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  5. "De liker kjolene."

"De liker kjolene."

Translation:They like the dresses.

November 21, 2016

13 Comments


https://www.duolingo.com/profile/AKicsiMacska

What the frick is a frock?


https://www.duolingo.com/profile/Mr_Eyl

It's a type of dress. The term is common in Australia, New Zealand, Ireland and the United Kingdom, but not so much in the US.


https://www.duolingo.com/profile/AKicsiMacska

Oh. that's so weird!!!


https://www.duolingo.com/profile/Mr_Eyl

Well, so are words like broil, cilantro, deplane, bangs and the absolutely hilarious (to anyone who isn't from North America) fanny pack. :)


https://www.duolingo.com/profile/misawa.mandi

Wait, are you saying those words aren't popular in America? Or are you saying they're not popular outside of America?


https://www.duolingo.com/profile/Mr_Eyl

I'm saying that they're very, very American. 'Fanny pack' in particular will get you some very odd looks in the UK, as will any sentence containing the first word.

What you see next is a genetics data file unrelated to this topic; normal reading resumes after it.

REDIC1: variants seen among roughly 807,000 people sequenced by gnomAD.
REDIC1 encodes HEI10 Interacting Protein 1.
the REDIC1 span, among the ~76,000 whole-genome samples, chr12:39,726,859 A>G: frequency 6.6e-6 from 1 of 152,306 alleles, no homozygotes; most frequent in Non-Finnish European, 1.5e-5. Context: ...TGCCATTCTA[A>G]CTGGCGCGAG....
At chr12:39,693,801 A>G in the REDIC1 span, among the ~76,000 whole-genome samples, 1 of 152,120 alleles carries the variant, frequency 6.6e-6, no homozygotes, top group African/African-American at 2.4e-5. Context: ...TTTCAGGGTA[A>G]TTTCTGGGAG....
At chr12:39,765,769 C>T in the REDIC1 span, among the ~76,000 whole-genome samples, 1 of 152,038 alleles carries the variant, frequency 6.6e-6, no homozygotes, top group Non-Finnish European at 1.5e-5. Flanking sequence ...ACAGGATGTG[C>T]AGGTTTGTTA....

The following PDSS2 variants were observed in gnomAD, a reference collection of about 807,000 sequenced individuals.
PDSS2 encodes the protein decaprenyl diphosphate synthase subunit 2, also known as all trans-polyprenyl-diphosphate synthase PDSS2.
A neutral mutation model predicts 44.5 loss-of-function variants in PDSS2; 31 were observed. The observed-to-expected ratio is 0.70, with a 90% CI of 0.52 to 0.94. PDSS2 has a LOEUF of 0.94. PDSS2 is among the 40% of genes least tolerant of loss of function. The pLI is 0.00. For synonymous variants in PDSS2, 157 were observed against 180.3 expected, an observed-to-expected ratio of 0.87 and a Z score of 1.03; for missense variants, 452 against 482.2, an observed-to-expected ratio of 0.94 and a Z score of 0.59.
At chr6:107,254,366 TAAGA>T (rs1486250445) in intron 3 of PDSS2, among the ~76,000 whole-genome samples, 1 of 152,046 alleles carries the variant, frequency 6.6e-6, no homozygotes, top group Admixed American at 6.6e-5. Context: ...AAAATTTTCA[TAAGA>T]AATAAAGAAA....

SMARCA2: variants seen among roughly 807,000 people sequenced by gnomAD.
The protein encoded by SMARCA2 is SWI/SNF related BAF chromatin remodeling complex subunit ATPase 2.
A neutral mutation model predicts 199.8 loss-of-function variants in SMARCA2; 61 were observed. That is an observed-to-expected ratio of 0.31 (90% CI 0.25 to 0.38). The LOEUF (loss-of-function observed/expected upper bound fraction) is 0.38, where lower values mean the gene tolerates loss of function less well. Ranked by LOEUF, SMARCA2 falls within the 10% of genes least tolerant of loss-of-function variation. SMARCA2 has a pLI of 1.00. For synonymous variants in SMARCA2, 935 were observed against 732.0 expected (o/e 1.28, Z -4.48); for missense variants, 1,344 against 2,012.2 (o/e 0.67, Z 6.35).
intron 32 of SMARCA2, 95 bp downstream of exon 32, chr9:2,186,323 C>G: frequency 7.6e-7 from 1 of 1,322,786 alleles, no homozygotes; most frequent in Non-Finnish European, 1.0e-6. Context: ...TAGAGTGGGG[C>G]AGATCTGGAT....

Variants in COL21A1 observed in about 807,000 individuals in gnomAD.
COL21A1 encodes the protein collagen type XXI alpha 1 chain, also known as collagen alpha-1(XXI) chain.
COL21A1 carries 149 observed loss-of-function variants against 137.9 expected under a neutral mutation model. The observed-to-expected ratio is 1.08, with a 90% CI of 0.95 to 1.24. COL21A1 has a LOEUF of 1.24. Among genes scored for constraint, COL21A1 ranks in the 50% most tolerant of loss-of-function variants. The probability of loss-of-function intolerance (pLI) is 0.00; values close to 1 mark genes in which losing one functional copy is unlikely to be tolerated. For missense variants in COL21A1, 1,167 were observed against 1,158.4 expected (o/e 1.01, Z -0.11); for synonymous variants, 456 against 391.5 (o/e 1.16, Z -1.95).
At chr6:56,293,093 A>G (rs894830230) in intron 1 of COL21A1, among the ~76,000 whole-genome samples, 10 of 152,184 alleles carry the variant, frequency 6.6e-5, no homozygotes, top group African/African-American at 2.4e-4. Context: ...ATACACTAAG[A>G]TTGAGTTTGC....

https://www.duolingo.com/profile/bugwine

literally no one here in the uk uses "frock". You'd sound like you'd just walked out of the victorian era.


https://www.duolingo.com/profile/Kariboots

Older people say frock, and folk generally say it as a joke, in the uk


https://www.duolingo.com/profile/CMAubuchon

Frock is a word that is less used in the US than it used to be. Older word, but you can still see it in catalogues to describe a dress that is characteristically lightweight and worn for spring/summer weather.


https://www.duolingo.com/profile/JudithLeeP

The thing you are missing with this program is a section where you differentiate the sounds. Could please say the sounds together. I would suggest, for example, say de, while showing it then say deg, while showing it, etc. I learn best by hearing and differentiating sounds is important to my learning I am less interested in the written word but I believe both are necessary to retain the language.


https://www.duolingo.com/profile/TristinKnapp

Is it just me or does the audio sound like there's an 'm' near the end of kjolene? Really threw me off :/


https://www.duolingo.com/profile/HayleyBupp

late response, but I constantly hear an m when there's an n

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